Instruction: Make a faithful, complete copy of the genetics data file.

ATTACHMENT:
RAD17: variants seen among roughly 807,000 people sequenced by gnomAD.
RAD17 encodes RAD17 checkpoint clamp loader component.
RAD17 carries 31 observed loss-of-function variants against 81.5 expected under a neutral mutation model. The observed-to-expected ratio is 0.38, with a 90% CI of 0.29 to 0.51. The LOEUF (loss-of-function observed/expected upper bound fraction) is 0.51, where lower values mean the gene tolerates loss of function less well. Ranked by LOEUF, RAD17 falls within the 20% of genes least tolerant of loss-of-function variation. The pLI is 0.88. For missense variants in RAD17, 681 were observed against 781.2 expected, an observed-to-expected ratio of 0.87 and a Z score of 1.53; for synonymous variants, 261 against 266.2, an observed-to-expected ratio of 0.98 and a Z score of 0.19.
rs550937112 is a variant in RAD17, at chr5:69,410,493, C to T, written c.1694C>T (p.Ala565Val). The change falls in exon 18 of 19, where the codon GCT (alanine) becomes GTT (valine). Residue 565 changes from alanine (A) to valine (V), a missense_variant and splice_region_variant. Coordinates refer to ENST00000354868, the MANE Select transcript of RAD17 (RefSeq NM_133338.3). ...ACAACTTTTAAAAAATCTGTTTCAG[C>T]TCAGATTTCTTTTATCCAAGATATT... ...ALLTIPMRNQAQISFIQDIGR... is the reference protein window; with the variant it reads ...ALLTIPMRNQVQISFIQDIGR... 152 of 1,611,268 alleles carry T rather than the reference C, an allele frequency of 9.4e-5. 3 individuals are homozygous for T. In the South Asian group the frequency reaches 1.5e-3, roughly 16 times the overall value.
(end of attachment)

RAD17: variants seen among roughly 807,000 people sequenced by gnomAD.
RAD17 encodes RAD17 checkpoint clamp loader component.
RAD17 carries 31 observed loss-of-function variants against 81.5 expected under a neutral mutation model. The observed-to-expected ratio is 0.38, with a 90% CI of 0.29 to 0.51. The LOEUF (loss-of-function observed/expected upper bound fraction) is 0.51, where lower values mean the gene tolerates loss of function less well. Ranked by LOEUF, RAD17 falls within the 20% of genes least tolerant of loss-of-function variation. The pLI is 0.88. For missense variants in RAD17, 681 were observed against 781.2 expected, an observed-to-expected ratio of 0.87 and a Z score of 1.53; for synonymous variants, 261 against 266.2, an observed-to-expected ratio of 0.98 and a Z score of 0.19.
rs550937112 is a variant in RAD17, at chr5:69,410,493, C to T, written c.1694C>T (p.Ala565Val). The change falls in exon 18 of 19, where the codon GCT (alanine) becomes GTT (valine). Residue 565 changes from alanine (A) to valine (V), a missense_variant and splice_region_variant. Coordinates refer to ENST00000354868, the MANE Select transcript of RAD17 (RefSeq NM_133338.3). ...ACAACTTTTAAAAAATCTGTTTCAG[C>T]TCAGATTTCTTTTATCCAAGATATT... ...ALLTIPMRNQAQISFIQDIGR... is the reference protein window; with the variant it reads ...ALLTIPMRNQVQISFIQDIGR... 152 of 1,611,268 alleles carry T rather than the reference C, an allele frequency of 9.4e-5. 3 individuals are homozygous for T. In the South Asian group the frequency reaches 1.5e-3, roughly 16 times the overall value.